Let’s begin with the core of the show—Don Draper. Here’s a man who’s not in touch with the zeitgeist, but who’s in a profession where this is essential. Don still thinks like it’s 1960, in his marriage and his business, but the culture is exploding all around him. He knows the Beatles, but that’s it. No wonder he’s threatened by Ginsburg, leaving his better Sno Ball idea in the taxi on the way to the client presentation. Yes, he wowed Jaguar, but look whom he was addressing—a bunch of old fogies like himself. Don may be only 40, but in 1966, 40 was a lot older than it is today. It was the 1960’s that made that change, as “Mad Men” is beginning to illustrate in its usual deft fashion. We’ll see more of this next season, I’m sure, because last night ended at the outset of 1967. The Summer of Love is dead ahead.

Let’s talk about what “Mad Men” got right in Season Five—the portrayal of the various choices women of that era were forced to make (and still do). I can’t say enough about “The Other Women” and the juxtaposition of Joan, Peggy and Megan as they confronted major issues and responded in illuminating ways. Joan’s sleeping with a key Jaguar decision-maker to secure the account for SCDP tore the heart out of many viewers (myself included), but I can’t argue with the fact that for her it was a practical and sound financial decision. Peggy’s leaving SCDP for a better paying job at a rival agency was long overdue, particularly since we saw her treated so poorly all season long. No lobster for lunch was the least of it—watching Don throw money in her face was the ugliest act we’ve been forced to witness on the show. And aspiring actress Megan’s encountering the cheesecake, if not the casting couch, side of the business was the final punctuation to perhaps the best episode “Mad Men” has aired to date.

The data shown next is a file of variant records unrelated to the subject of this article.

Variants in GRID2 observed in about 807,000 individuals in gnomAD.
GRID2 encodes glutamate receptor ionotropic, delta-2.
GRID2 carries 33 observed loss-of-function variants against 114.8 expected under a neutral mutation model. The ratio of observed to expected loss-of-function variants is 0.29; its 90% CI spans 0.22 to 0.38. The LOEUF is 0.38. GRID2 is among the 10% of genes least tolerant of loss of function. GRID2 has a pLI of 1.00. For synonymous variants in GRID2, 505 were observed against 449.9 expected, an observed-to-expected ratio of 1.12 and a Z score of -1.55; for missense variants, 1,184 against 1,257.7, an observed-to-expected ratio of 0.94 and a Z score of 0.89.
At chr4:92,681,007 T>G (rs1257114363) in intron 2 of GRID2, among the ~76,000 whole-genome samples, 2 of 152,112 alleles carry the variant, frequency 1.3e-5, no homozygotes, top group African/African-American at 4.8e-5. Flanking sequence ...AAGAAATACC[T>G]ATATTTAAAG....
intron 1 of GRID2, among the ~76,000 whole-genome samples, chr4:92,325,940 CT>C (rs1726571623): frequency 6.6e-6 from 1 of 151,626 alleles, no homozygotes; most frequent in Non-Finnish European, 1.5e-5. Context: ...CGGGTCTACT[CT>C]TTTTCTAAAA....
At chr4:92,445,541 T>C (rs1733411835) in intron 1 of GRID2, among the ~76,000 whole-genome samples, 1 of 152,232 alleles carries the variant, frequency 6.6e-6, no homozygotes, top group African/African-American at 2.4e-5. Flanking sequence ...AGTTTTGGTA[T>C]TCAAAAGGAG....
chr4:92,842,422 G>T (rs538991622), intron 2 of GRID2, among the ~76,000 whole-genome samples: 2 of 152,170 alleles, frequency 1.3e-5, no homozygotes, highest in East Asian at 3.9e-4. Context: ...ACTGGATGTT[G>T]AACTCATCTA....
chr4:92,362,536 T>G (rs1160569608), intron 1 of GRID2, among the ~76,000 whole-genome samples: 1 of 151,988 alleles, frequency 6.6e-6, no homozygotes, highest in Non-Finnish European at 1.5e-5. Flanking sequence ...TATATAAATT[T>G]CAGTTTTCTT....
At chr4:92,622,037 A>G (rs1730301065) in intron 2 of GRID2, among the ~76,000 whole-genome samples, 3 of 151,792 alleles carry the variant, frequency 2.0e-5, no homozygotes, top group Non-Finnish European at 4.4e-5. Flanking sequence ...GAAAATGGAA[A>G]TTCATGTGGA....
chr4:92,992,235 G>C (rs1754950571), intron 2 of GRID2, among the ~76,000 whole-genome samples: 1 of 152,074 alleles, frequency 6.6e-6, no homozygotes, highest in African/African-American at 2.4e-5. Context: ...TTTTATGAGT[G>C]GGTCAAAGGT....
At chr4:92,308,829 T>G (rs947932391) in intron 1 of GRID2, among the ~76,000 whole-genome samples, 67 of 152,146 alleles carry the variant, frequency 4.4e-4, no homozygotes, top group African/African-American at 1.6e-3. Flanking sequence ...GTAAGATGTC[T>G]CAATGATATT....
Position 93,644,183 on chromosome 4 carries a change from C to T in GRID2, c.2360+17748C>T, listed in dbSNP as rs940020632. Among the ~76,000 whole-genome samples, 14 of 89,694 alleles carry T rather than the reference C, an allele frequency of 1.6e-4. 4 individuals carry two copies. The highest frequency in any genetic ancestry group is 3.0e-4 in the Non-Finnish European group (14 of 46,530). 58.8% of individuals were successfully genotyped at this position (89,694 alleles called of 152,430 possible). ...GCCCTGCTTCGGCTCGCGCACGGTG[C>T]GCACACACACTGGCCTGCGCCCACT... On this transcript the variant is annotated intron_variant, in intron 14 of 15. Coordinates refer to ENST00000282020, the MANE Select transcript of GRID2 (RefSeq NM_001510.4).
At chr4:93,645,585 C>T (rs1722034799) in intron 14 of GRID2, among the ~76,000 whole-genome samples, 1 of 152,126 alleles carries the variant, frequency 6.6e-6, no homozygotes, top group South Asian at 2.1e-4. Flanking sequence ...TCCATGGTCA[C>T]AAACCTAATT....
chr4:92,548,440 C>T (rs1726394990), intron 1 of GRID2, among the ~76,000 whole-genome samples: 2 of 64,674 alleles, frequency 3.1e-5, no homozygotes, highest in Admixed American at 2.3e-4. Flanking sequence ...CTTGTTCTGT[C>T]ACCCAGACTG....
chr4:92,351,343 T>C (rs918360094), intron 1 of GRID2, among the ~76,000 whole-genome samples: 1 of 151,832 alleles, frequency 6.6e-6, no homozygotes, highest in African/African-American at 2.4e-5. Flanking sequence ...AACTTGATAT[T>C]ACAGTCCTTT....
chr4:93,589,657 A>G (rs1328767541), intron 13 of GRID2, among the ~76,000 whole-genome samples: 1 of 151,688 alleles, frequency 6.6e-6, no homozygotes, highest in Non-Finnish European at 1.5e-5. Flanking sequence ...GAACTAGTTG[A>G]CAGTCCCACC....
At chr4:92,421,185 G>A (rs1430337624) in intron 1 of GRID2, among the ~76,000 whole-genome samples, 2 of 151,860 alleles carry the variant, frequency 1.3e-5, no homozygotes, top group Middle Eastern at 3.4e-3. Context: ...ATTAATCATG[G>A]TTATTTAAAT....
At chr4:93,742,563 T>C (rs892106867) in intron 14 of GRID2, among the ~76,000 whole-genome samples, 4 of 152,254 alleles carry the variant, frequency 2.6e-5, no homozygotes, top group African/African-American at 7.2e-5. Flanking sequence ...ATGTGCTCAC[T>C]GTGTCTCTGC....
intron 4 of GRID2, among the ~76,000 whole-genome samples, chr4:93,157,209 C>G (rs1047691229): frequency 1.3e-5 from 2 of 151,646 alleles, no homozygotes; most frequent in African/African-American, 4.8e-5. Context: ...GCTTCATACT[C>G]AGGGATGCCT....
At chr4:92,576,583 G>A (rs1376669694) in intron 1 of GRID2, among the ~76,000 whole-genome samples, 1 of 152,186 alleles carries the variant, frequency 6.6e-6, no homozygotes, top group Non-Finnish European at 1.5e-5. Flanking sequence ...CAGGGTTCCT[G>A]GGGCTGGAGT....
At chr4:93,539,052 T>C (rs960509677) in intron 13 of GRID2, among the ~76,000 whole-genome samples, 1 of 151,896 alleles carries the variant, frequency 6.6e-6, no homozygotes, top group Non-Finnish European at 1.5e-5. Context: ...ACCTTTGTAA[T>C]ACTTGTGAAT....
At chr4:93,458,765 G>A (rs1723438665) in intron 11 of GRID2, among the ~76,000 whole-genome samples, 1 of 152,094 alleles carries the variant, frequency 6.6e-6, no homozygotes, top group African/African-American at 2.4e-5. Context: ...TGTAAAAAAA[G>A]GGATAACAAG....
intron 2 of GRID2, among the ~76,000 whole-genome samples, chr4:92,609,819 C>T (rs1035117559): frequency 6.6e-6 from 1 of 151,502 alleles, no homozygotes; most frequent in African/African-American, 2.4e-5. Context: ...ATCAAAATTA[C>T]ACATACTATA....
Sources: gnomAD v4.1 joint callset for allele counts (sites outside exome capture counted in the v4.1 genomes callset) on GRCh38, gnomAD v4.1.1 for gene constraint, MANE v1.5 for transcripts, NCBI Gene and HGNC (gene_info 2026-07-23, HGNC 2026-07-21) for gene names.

We learned more about the characters we thought we knew, not all of it neatly packaged or even nice. Bert Cooper’s non-objection to Joan’s involvement with Mr. Jaguar was a shock. Here’s the zen master himself, a co-founder of the firm, not staking out the high moral ground. Yes, he told Pete to make it clear to Joan that the option was hers, but this was not a reaction the audience expected. On a lighter note, we saw Roger find enlightenment (and end a bad marriage) through LSD in what was the funniest sequence of the entire season. His hallucinating Bert’s picture on the bill he handed the cab driver was priceless. It was fitting that in the closing montage of last night’s episode we saw Roger, buck naked, tripping while meeting the dawn. And though she had little screen time because of January Jones’s pregnancy, we saw Betty Francis acting as both Bad Mom (attempting to poison Sally’s view of her father by revealing his marriage to Anna Draper) and Great Mom (her reassuring and comforting Sally after she got her first period).